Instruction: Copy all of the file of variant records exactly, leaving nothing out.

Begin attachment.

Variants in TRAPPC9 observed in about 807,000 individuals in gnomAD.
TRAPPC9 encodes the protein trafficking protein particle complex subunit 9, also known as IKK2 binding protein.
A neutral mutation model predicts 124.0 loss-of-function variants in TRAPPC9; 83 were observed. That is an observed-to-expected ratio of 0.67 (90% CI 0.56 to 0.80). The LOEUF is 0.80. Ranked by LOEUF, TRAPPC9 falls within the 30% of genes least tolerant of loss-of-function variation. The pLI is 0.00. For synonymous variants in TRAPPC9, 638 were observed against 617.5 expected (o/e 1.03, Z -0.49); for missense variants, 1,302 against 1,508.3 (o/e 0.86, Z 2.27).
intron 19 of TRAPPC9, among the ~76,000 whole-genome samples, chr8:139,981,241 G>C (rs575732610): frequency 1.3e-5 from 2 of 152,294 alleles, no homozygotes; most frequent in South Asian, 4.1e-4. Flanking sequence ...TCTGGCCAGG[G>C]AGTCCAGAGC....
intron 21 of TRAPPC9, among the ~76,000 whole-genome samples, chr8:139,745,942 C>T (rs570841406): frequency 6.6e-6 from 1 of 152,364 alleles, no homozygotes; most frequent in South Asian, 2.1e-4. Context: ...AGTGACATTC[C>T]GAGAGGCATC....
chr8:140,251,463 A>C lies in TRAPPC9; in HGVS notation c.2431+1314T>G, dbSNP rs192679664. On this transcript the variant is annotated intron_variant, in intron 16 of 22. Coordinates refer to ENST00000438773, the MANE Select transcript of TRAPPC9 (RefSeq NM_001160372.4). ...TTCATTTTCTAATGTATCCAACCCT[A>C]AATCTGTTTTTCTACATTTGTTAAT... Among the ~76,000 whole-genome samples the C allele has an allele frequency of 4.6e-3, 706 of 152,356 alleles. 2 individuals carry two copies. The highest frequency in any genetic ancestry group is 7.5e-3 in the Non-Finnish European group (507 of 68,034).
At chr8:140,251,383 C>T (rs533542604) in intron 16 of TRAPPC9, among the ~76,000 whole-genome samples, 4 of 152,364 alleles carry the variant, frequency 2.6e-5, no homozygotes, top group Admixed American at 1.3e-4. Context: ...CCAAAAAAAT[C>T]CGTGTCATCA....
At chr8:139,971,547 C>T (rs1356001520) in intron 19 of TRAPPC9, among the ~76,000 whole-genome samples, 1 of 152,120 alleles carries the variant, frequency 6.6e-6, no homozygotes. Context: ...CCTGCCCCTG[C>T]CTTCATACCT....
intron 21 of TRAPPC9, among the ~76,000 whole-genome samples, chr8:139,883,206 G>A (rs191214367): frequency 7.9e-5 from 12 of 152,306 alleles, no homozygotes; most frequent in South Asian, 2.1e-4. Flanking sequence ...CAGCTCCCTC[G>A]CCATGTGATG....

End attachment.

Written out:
Variants in TRAPPC9 observed in about 807,000 individuals in gnomAD.
TRAPPC9 encodes the protein trafficking protein particle complex subunit 9, also known as IKK2 binding protein.
A neutral mutation model predicts 124.0 loss-of-function variants in TRAPPC9; 83 were observed. That is an observed-to-expected ratio of 0.67 (90% CI 0.56 to 0.80). The LOEUF is 0.80. Ranked by LOEUF, TRAPPC9 falls within the 30% of genes least tolerant of loss-of-function variation. The pLI is 0.00. For synonymous variants in TRAPPC9, 638 were observed against 617.5 expected (o/e 1.03, Z -0.49); for missense variants, 1,302 against 1,508.3 (o/e 0.86, Z 2.27).
intron 19 of TRAPPC9, among the ~76,000 whole-genome samples, chr8:139,981,241 G>C (rs575732610): frequency 1.3e-5 from 2 of 152,294 alleles, no homozygotes; most frequent in South Asian, 4.1e-4. Flanking sequence ...TCTGGCCAGG[G>C]AGTCCAGAGC....
intron 21 of TRAPPC9, among the ~76,000 whole-genome samples, chr8:139,745,942 C>T (rs570841406): frequency 6.6e-6 from 1 of 152,364 alleles, no homozygotes; most frequent in South Asian, 2.1e-4. Context: ...AGTGACATTC[C>T]GAGAGGCATC....
chr8:140,251,463 A>C lies in TRAPPC9; in HGVS notation c.2431+1314T>G, dbSNP rs192679664. On this transcript the variant is annotated intron_variant, in intron 16 of 22. Coordinates refer to ENST00000438773, the MANE Select transcript of TRAPPC9 (RefSeq NM_001160372.4). ...TTCATTTTCTAATGTATCCAACCCT[A>C]AATCTGTTTTTCTACATTTGTTAAT... Among the ~76,000 whole-genome samples the C allele has an allele frequency of 4.6e-3, 706 of 152,356 alleles. 2 individuals carry two copies. The highest frequency in any genetic ancestry group is 7.5e-3 in the Non-Finnish European group (507 of 68,034).
At chr8:140,251,383 C>T (rs533542604) in intron 16 of TRAPPC9, among the ~76,000 whole-genome samples, 4 of 152,364 alleles carry the variant, frequency 2.6e-5, no homozygotes, top group Admixed American at 1.3e-4. Context: ...CCAAAAAAAT[C>T]CGTGTCATCA....
At chr8:139,971,547 C>T (rs1356001520) in intron 19 of TRAPPC9, among the ~76,000 whole-genome samples, 1 of 152,120 alleles carries the variant, frequency 6.6e-6, no homozygotes. Context: ...CCTGCCCCTG[C>T]CTTCATACCT....
intron 21 of TRAPPC9, among the ~76,000 whole-genome samples, chr8:139,883,206 G>A (rs191214367): frequency 7.9e-5 from 12 of 152,306 alleles, no homozygotes; most frequent in South Asian, 2.1e-4. Flanking sequence ...CAGCTCCCTC[G>A]CCATGTGATG....